Julie’s Journey (part 1)
“ENOUGH!”, she yelled, before turning away from the negativity, escape her only thought and only option for sanity.
She pushed through the crowd blindly, tears blurring her line of vision as she barreled toward the door. Julie’s heart was racing at a precarious pace, her face red and flushed, her hands shaking uncontrollably. All she knew is that she had to get out of there, get a little fresh air into her struggling lungs, and lean against something cold.
Almost to the door, she was stopped by a big, hulking kind of guy who reminded her of somebody she used to know. Well over six and a half feet tall, with a gravelly voice, he leaned toward her and muttered, “You okay, Julie? You need some help?” She tore away from his hand that had casually grabbed her upper arm as if he knew her well enough to interfere.
“No…”, she managed to choke out, as she shoved past a woman who smelled like she bathed in White Diamonds, receiving an indignant gasp in return. No matter. She was in proximity of the exit and that’s all she was focused on.
A friendly couple opened the door just as she approached, and smiled at her before a look of worry and concern passed their faces. Julie just muttered her apologies as she ducked past them, stepping out into the cool night air. Instantly, her skin felt cooler and her pulse began to calm.
The door closed behind her and she let out the breath she didn’t even realize she’d been holding. She glanced around and, seeing nobody approaching the house, she sat down in one of the chairs lining the huge wrap-around porch of her sister’s new home and leaned her head back against the cool wooden surface. Closing her eyes, she let the tears flow silently down her freckled cheeks, the crickets singing reverberating in a cacophony of sarcastic joy.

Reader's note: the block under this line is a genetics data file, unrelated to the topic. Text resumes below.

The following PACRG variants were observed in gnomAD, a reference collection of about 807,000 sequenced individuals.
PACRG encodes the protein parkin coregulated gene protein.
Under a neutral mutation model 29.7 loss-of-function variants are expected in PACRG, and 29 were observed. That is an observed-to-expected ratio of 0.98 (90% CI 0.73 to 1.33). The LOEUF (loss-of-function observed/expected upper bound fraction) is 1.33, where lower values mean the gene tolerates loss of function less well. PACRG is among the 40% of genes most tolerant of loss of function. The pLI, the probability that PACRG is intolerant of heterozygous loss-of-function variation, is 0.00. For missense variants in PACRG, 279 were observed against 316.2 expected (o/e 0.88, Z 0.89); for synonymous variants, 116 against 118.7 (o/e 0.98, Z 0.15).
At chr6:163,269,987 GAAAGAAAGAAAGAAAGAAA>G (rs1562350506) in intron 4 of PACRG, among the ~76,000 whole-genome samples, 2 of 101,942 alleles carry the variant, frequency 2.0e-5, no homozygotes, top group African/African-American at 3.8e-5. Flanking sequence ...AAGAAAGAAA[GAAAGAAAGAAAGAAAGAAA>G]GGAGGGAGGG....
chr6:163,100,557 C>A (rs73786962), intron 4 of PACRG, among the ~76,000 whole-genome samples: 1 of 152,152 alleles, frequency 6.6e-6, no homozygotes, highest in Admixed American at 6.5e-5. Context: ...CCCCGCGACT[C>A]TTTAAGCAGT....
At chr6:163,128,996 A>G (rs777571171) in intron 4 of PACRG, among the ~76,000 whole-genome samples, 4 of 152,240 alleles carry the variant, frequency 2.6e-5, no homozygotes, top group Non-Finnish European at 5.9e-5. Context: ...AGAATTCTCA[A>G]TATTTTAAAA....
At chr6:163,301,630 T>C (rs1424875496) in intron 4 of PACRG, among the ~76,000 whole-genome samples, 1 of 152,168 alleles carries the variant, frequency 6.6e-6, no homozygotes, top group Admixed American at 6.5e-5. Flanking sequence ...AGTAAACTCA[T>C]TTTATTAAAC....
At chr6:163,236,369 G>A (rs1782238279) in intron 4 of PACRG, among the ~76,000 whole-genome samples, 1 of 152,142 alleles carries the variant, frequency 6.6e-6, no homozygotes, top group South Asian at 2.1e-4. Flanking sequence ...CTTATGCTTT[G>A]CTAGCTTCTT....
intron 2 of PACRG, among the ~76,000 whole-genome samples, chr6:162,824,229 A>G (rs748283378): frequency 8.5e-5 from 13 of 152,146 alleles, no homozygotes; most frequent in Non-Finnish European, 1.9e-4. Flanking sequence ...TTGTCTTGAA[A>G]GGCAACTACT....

This was ridiculous. A huge crowd of people always used to make her anxious and she thought she’d moved past those feelings of inadequacy. Her mother cornered her about her lifestyle, making loud declarations of how much she disproved and everyone around could hear her. “Why can’t you be more like your sister?”, her mother yelled at her. “Kat has a bright future!” Kat was finishing up her PhD in Neuroscience and her new wife Thera was an up and coming defense attorney, thus the party, in this incredible house.
To Julie, it felt like she had to constantly defend herself. “Why now, Mom? In front of everyone?”, Julie thought bitterly. Her mother always gave her the sour look whenever she talked about her accomplishments with her art, as if she’d just eaten something that didn’t agree with the taste buds and was trying to hide it. It was not Mom’s most flattering look. It really pissed Julie off to see that judgment written all over her face. Couldn’t a mother be happy for her daughter making her dreams come true? Instead, Julie felt backed into a corner and did what she always did, running away instead of being confrontational. Although the last thing she wanted was a showdown in her sister’s house.
It didn’t help that her husband, the one she was trying desperately to divorce, was still friends with her family and took it upon himself to show up in the midst of her mother’s tirade. He was the epitome of financial security. That was just about his only attribute, but her family just couldn’t see that he was a Grade A asshole. It was all too much.